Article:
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I do not understand the difference between page table and inverted page table. I know that both are used to translate the logical addresses into physical addresses produced by the processes necessary to store data in memory.

This is what I know on the page table.

Generally each page table contains an element for each virtual page and a table exists for each process. This can lead to huge tables (programs with many pages).

I can imagine a page table like this:

enter image description here

Instead, this is what I know on the inverted page table.

It has only one page table for all processes. This table has an entry for each real page (block of physical memory). Each element contains the virtual address of the page stored in that physical location, with information about the process that owns that page.

So I represent the inverted page table like this:

enter image description here

Am I doing it right? Did I get it right?

Thank you


I don't understand if the information I have learned theoretically then I understood well.

I do not think that is more efficient an interved page table than a normal page table, indeed I find it most confusing.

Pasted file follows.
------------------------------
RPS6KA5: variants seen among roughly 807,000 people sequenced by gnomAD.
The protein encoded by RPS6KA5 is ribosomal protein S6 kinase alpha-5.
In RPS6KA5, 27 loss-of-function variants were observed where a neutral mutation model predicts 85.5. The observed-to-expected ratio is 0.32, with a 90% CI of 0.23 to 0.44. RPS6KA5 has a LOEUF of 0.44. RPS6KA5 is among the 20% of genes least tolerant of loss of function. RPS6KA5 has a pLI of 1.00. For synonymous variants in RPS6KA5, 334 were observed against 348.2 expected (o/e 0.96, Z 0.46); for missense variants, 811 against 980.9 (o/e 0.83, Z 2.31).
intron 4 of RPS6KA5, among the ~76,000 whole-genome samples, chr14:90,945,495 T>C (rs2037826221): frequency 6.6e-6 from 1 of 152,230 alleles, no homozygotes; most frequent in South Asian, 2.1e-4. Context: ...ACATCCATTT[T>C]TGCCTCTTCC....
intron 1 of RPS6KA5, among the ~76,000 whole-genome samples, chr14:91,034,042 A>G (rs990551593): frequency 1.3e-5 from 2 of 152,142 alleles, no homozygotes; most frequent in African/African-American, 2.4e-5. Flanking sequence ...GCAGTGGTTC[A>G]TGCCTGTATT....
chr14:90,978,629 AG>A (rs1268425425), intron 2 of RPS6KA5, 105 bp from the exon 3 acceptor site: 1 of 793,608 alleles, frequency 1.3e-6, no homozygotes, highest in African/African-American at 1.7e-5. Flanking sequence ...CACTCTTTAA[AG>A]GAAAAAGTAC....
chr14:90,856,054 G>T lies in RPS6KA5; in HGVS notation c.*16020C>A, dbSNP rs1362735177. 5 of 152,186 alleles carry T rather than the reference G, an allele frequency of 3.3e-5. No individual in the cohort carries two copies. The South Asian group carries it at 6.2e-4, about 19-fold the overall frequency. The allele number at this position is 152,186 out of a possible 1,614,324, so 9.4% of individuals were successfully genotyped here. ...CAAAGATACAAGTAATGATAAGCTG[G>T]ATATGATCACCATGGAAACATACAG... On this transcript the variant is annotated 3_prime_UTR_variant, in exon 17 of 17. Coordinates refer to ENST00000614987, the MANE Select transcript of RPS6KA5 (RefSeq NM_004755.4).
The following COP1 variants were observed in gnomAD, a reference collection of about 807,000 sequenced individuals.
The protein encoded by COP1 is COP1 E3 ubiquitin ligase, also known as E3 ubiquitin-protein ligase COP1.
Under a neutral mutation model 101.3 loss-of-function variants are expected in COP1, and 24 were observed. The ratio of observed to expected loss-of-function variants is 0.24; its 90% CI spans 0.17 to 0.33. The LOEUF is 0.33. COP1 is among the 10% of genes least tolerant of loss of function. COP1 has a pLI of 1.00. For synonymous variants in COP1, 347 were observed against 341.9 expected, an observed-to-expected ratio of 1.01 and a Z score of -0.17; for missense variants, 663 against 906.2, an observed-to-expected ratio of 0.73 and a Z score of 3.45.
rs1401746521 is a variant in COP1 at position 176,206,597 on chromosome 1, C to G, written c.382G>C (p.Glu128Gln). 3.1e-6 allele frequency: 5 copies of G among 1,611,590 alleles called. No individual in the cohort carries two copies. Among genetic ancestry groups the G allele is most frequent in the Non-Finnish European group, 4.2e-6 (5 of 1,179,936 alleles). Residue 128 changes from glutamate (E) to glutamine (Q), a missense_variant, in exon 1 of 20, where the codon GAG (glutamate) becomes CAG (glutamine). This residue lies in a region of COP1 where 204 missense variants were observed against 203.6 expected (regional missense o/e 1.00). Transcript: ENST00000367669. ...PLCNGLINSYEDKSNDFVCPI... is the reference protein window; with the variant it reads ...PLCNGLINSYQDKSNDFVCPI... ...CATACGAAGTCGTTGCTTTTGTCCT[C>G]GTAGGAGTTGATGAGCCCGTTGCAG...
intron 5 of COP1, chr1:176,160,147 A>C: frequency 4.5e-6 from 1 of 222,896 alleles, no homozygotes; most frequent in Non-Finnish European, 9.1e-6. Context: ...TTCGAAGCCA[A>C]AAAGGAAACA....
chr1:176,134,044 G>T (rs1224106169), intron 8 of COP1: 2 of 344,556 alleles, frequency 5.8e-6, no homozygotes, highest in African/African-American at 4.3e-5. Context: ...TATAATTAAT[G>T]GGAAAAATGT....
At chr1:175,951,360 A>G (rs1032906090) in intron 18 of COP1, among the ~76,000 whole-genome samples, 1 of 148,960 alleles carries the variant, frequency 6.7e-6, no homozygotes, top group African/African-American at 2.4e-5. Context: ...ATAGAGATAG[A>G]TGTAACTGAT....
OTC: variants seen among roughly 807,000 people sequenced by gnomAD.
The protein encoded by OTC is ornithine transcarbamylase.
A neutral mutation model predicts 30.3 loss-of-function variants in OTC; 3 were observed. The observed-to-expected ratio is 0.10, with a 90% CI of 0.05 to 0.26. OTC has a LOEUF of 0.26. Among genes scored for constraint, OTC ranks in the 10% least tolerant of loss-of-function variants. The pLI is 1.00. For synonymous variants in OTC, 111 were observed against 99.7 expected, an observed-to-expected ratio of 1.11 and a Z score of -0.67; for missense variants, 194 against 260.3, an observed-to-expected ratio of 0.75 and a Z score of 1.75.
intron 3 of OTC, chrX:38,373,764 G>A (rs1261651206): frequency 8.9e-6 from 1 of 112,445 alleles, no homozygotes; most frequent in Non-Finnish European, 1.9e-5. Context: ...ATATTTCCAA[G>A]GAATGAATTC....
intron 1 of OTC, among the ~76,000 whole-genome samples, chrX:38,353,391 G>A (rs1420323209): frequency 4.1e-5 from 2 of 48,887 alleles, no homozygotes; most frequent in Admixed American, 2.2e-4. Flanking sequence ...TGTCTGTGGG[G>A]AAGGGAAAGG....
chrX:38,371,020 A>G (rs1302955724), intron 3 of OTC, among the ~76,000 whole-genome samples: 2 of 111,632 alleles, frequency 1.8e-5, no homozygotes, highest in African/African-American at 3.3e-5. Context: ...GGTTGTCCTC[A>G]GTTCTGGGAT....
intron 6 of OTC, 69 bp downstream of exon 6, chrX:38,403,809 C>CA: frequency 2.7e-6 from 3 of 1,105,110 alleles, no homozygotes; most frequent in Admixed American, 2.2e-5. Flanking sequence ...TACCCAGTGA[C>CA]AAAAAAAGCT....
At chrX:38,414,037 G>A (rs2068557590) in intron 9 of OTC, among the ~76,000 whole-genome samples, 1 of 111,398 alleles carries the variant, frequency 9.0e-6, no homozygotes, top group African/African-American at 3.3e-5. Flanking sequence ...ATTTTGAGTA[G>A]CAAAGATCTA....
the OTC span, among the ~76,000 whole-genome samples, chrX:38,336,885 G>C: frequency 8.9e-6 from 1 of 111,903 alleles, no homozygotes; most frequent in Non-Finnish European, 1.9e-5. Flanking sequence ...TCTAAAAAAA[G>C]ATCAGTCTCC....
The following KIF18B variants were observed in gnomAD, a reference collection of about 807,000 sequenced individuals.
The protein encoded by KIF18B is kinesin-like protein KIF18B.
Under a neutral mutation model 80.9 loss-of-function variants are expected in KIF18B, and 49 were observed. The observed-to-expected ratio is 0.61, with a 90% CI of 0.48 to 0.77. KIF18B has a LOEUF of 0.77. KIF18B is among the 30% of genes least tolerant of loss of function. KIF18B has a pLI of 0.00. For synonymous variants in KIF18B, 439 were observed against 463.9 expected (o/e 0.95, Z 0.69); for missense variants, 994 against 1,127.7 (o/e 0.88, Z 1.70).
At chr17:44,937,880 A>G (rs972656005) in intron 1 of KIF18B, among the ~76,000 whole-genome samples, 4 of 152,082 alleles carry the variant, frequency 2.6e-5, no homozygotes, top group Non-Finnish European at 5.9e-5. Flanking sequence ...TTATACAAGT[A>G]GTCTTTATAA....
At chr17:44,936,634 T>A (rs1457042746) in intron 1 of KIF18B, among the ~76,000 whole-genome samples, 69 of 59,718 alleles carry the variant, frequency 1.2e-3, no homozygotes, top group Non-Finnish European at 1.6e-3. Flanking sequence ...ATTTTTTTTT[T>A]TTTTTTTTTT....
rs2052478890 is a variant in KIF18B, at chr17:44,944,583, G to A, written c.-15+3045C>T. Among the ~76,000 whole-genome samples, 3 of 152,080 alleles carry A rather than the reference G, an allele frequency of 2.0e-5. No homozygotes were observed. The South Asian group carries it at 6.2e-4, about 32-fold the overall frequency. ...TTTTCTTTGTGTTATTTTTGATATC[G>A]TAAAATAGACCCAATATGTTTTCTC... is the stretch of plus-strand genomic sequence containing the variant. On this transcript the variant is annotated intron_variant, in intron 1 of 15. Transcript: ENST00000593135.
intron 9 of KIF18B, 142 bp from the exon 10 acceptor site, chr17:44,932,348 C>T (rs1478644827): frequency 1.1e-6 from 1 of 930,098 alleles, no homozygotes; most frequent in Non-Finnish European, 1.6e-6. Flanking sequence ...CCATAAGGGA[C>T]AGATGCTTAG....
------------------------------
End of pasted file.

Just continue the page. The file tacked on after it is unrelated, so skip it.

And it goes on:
As I understand it, each frame of the physical memory has a corresponding entry in the inverted page table. I suppose that the memory has a large number of frames, then the inverted page table is huge and how do I keep it in RAM? While if you use the page tables "normal", I do not keep all of them in memory at the same time, you just keep those of the currently active processes, or not?

And it is reversed (the arrows are reversed), as I map a logical address into a physical?

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  • $\begingroup$ Sure, sorry. I edit my main message. $\endgroup$ – Buster Nov 30 '16 at 11:43
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An inverted page table is just a hash map. An inverted page table always fits in DRAM because it is proportional in size to the DRAM. If a DRAM has $N$ pages of size 4096 bytes, and each inverted page table entry is 16 bytes, then the DRAM is of size 4096 $N$ bytes, while the page table is size 16 $N$, which is always 16/4096 = 1/256 $\approx$ 0.5% of the memory.

Your picture of the inverted page table is not correct. Here is the picture from the original paper about inverted page tables (Huck, Jerry; Hays, Jim: Architectural Support for Translation Table Management in Large Address Space Machines, Int'l Symp Comp Arch (ISCA-20):39-50, 1993. doi:10.1145/165123.165128.)

enter image description here

It's a hash table. Each entry of the hash table needs to store both a virtual address and a physical address. The virtual address is there to check for hash conflicts.

The reason you can guarantee the total number of entries for the HPT (hash page table) plus the collision resolution table is just $N$ (the number of physical pages), is that there can be only one entry in the tables for each physical page.

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